“I think the people from the [Ethereum] Foundation were not happy with what was going on at the DAO, even prior to the hack,” says Igor. “Because they thought it was way too early. And that was one of the main reasons for the rollback – it was very early.” Shockingly early, in fact: The DAO had been proposed, launched, funded, and hacked by June of 2016, less than a year after Ethereum went live.
But, partly under the influence of vocal Bitcoiners, there was a robust opposition to this pragmatic move. To them, the “irregular state change” was not just a kind of cheating, but a deep betrayal of the entire point of a blockchain. Some vocally hewed to the “code is law” ethos still prominent at the time – the idea that blockchains should supersede courts and nation-states as arbiters of fairness. Under some versions of this idea, if you figured out a way to steal money via hacking or exploiting a blockchain, you had earned it fair and square.
But the deeper point was simple trustworthiness. If Ethereum could be patched to take away a user’s funds – even if that user was a hacker – it raised the possibility that the same thing could happen to anyone. Wouldn’t that, hard fork opponents argued, be even more harmful to the integrity of Ethereum than letting a hacker own 5% of the chain?
This “code is law” contingent would demonstrate the full scope of blockchain democracy by choosing to stick with the old chain after the fork. This chain – where the hacker still had much of their hoard – came to be known as Ethereum Classic. ETC enjoyed a lot of support in its early years, and still has adherents today, though it has inevitably lagged behind Ethereum in both market interest and technology.
What came after
Seven years later, the most remarkable thing about the DAO hack is that a similar hard fork has not been on the table since; it seems those worried about the moral hazard of bailout-like hard forks may have been overcautious. Most notably, there was never a serious proposal for a hard-fork fix of the late 2017 Parity wallet incident, when a catastrophic chain of accidents permanently locked around $150 million worth of Ether. Another hard fork could have given that money back, too, but it never happened.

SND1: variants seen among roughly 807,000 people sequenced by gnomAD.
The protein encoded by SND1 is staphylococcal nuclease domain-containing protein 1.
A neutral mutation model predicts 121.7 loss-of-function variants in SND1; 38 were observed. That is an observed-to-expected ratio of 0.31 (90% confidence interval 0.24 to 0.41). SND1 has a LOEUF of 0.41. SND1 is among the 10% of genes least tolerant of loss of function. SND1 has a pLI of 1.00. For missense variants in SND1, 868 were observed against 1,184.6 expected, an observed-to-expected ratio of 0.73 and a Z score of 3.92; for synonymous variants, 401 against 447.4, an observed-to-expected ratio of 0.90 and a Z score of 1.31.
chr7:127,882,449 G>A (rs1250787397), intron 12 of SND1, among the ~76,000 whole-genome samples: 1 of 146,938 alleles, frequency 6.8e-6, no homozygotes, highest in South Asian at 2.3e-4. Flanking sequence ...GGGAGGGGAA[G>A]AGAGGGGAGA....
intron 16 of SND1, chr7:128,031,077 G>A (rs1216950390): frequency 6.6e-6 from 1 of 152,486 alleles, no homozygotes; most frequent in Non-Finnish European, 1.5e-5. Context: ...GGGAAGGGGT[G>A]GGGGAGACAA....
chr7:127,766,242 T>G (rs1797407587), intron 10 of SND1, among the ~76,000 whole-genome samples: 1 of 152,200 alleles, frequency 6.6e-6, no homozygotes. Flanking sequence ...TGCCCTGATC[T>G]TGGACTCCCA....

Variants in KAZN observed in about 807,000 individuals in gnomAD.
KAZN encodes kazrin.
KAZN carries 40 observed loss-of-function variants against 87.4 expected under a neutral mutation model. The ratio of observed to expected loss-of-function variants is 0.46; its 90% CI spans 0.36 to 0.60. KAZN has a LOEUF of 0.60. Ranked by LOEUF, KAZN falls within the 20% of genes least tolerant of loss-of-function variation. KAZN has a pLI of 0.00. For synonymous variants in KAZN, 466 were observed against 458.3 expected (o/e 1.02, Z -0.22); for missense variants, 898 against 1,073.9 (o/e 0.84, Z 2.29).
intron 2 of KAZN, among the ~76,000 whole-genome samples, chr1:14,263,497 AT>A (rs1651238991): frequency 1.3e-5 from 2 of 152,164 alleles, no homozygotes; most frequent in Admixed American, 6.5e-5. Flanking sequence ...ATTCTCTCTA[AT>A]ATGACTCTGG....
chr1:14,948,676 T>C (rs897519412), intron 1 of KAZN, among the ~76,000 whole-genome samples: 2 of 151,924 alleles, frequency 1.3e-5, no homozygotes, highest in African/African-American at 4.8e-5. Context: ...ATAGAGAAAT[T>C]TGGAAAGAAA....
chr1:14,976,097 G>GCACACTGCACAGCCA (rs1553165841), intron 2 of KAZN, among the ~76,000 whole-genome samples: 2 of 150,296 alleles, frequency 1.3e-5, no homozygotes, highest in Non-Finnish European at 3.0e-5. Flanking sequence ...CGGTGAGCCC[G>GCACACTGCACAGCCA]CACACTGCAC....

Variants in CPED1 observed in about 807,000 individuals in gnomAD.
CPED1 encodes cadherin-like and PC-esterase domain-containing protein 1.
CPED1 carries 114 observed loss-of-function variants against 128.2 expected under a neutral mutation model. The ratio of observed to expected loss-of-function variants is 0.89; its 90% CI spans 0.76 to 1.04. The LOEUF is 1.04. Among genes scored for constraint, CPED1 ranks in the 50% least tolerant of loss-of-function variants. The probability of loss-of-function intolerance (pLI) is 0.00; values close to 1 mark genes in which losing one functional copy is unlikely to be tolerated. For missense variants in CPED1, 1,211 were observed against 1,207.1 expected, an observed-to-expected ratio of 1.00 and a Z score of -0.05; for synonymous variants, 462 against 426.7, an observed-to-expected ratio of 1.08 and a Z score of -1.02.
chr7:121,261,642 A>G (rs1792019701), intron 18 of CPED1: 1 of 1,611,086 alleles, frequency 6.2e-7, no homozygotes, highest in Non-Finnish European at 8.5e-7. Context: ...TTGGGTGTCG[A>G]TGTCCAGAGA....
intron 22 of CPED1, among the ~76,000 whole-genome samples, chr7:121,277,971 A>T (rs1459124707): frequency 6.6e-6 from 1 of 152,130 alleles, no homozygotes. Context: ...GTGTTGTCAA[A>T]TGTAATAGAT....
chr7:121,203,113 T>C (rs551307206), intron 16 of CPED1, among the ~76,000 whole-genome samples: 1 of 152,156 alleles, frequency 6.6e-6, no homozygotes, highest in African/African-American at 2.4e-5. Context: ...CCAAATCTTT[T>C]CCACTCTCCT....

Another remarkable fact about the DAO hack is that the culprit has still never been identified. The hack exploited bugs that had been identified by the DAO team; they were in the process of fixing those ahead of the planned distribution of funds. This timing may have contributed to rumors that the hack was an “inside job,” but that’s pure speculation.
Despite the embarrassment of its involvement in the DAO hack, Slock.it remained a relevant player in smart-contract development, until its acquisition by Blockchains.com in mid-2019. Christoph Jentzch is now, among other roles, a venture investor.
One thing hasn’t changed: hacks of major crypto projects and exchanges have remained common in DeFi. But they’ve gotten much bigger than the roughly $60 million successfully drained from the DAO. Examples like last year’s Wormole hack ($325 million) and Ronin exploit ($625 million) spring easily to mind. According to Chainalysis, DeFi hacks accounted for 82% of all hacking thefts in 2022.
The bright side
But without the early cautionary example of The DAO, things might be even worse today. “In hindsight, the whole industry shifted entirely to security after [The DAO],” says Jentszch. “Before that, it was more of a move-fast [environment]… “The whole [blockchain] security industry basically started after The DAO.”
Jentzch believes that one of the worst outcomes of The DAO hack was shifting funding models in crypto away from collective organizations and towards direct-to-investor ICO sales. The DAO had proved you could raise money on-chain, but then it collapsed, leaving fund-seeking projects empty-handed.
“So a lot of projects who planned to raise money from the DAO ended up doing ICOs,” says Jentzch. “The good, the bad and the ugly.”
What was lost in the shift from DAO to ICOs was any sort of expert oversight or vetting, Jentzch argues. “The DAO was kind of a mix of the wisdom of the crowd and these mature investors who were doing due diligence, and know what they’re doing. Something like 50% [of investors] were retail and small holders, and roughly 50% was owned by 51 people. The idea was projects will go to the DAO, and they won’t just get a check, they’ll get a smart contract that sends money over time.”
“So yes, much more wisdom would have gone into it,” Jentzch says. “It would be harder to get money from the DAO than from doing your own ICO.” That might have helped more capital to go to legitimate projects, and less to outright scams, during the subsequent ICO mania.
More broadly, Jentzch laments the decline in the broader ethos that led to The DAO.
“The spirit of Ethereum at the time, the visionary way we viewed the world: it was very much similar to early bitcoiners,” he says now. “We still have some of it, but we’ve lost some. We haven’t followed through with the vision we had back then of building truly decentralized applications. And today we’re in much better shape when it comes to secure smart contracts.”
“We shouldn’t be too shy about trying big things again.”